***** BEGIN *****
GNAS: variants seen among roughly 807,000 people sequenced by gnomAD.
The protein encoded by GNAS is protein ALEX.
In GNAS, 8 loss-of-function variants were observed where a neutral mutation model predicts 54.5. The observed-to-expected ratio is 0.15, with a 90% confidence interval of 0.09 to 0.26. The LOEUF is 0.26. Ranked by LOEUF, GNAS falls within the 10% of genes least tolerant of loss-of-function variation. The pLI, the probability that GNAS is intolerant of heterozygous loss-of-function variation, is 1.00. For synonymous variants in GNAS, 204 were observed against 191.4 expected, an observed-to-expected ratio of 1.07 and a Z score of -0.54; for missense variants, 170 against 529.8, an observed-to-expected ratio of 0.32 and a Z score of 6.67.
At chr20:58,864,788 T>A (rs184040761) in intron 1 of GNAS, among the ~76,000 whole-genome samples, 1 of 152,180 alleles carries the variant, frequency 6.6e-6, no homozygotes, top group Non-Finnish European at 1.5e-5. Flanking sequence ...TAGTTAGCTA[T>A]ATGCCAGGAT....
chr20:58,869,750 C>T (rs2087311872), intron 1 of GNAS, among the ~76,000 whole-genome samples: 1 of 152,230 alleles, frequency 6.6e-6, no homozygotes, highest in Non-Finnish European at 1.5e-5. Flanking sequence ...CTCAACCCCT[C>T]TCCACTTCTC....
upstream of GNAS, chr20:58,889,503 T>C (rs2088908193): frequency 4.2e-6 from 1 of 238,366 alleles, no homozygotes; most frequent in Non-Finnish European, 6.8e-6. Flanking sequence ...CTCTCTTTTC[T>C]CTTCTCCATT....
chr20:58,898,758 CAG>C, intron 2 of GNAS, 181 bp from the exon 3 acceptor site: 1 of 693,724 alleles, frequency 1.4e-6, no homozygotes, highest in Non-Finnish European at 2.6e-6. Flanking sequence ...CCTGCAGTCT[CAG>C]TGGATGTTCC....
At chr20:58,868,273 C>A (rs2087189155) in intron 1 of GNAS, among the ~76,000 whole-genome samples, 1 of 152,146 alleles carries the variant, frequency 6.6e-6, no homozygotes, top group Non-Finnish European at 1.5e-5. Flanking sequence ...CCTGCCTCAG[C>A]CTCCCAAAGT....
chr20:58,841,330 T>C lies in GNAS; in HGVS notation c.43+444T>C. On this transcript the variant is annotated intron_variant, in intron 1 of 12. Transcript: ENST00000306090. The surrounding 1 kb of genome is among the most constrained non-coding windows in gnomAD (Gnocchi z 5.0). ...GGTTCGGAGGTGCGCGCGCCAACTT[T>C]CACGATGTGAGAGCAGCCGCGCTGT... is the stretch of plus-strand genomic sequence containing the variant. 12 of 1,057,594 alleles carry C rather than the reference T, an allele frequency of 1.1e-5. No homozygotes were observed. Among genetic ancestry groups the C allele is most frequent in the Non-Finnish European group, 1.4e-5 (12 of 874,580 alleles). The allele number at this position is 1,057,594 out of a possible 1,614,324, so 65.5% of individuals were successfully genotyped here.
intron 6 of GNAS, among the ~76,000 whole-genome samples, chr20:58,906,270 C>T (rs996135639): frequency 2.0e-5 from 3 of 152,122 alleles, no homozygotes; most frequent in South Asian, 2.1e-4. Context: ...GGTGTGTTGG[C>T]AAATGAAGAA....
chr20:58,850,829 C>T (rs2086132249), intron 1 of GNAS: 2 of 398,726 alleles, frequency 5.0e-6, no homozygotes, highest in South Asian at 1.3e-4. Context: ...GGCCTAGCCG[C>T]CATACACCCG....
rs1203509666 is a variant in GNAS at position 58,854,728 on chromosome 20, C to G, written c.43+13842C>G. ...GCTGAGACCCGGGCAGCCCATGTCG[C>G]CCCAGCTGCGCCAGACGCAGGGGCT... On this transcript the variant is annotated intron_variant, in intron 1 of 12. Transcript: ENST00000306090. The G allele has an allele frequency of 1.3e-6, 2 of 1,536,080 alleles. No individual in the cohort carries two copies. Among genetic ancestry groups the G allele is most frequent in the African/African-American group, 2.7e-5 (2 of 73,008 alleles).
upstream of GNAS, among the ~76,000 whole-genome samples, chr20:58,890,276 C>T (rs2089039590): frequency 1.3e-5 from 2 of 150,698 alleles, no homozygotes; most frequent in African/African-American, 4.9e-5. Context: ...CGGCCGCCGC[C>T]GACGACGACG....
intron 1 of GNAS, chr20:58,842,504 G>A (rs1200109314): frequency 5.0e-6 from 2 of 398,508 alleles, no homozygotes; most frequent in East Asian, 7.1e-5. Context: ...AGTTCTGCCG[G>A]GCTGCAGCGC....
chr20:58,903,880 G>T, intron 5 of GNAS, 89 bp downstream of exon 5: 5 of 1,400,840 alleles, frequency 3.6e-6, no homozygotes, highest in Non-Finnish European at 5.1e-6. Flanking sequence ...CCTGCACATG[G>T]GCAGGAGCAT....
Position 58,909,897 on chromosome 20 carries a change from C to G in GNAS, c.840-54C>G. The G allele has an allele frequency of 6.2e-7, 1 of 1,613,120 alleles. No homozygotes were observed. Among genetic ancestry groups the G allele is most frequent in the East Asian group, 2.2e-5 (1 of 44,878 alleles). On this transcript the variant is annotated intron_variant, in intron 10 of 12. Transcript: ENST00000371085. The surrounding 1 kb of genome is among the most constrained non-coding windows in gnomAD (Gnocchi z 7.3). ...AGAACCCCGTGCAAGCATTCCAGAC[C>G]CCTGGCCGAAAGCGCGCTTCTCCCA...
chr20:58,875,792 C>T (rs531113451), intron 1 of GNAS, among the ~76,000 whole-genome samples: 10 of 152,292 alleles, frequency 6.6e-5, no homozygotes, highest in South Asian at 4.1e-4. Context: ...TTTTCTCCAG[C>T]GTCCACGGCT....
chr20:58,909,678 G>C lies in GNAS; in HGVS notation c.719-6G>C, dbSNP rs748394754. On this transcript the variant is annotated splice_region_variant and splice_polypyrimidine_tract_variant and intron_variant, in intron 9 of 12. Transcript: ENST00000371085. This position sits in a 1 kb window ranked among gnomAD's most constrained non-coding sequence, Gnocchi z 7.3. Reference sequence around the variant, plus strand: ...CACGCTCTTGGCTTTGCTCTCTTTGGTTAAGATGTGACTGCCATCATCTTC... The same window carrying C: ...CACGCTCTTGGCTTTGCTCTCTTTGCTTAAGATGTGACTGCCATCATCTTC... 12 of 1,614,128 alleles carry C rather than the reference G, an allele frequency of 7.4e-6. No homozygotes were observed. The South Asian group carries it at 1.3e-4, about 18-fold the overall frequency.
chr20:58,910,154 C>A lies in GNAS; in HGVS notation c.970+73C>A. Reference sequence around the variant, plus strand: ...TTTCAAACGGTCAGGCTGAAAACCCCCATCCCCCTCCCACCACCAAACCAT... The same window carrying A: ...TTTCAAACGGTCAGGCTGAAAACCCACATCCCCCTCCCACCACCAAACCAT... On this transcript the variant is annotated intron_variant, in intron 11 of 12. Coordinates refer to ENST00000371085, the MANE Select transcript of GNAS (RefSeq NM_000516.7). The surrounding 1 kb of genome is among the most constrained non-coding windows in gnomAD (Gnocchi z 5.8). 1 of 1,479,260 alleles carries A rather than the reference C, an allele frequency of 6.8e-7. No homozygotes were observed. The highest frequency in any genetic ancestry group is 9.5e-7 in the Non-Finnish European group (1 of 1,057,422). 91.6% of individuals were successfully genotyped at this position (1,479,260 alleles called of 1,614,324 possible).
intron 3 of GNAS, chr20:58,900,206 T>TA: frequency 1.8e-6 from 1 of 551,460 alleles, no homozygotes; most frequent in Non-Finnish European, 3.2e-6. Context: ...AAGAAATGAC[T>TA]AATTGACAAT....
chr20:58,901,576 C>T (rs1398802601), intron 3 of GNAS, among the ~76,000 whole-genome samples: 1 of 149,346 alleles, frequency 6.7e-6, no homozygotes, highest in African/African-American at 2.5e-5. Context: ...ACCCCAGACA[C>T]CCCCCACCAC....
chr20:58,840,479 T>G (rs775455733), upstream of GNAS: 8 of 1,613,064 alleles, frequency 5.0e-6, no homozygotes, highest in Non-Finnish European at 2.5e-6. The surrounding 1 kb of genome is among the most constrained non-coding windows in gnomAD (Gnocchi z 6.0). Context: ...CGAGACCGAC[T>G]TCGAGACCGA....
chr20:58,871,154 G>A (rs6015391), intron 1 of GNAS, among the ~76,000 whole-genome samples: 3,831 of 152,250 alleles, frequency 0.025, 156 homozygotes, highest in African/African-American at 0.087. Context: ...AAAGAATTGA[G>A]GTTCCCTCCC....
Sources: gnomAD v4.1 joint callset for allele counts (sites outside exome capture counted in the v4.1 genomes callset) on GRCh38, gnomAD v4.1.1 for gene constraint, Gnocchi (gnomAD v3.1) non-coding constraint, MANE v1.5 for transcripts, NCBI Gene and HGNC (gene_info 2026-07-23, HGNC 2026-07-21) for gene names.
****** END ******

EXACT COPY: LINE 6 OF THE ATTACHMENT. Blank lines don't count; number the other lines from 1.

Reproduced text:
upstream of GNAS, chr20:58,889,503 T>C (rs2088908193): frequency 4.2e-6 from 1 of 238,366 alleles, no homozygotes; most frequent in Non-Finnish European, 6.8e-6. Flanking sequence ...CTCTCTTTTC[T>C]CTTCTCCATT....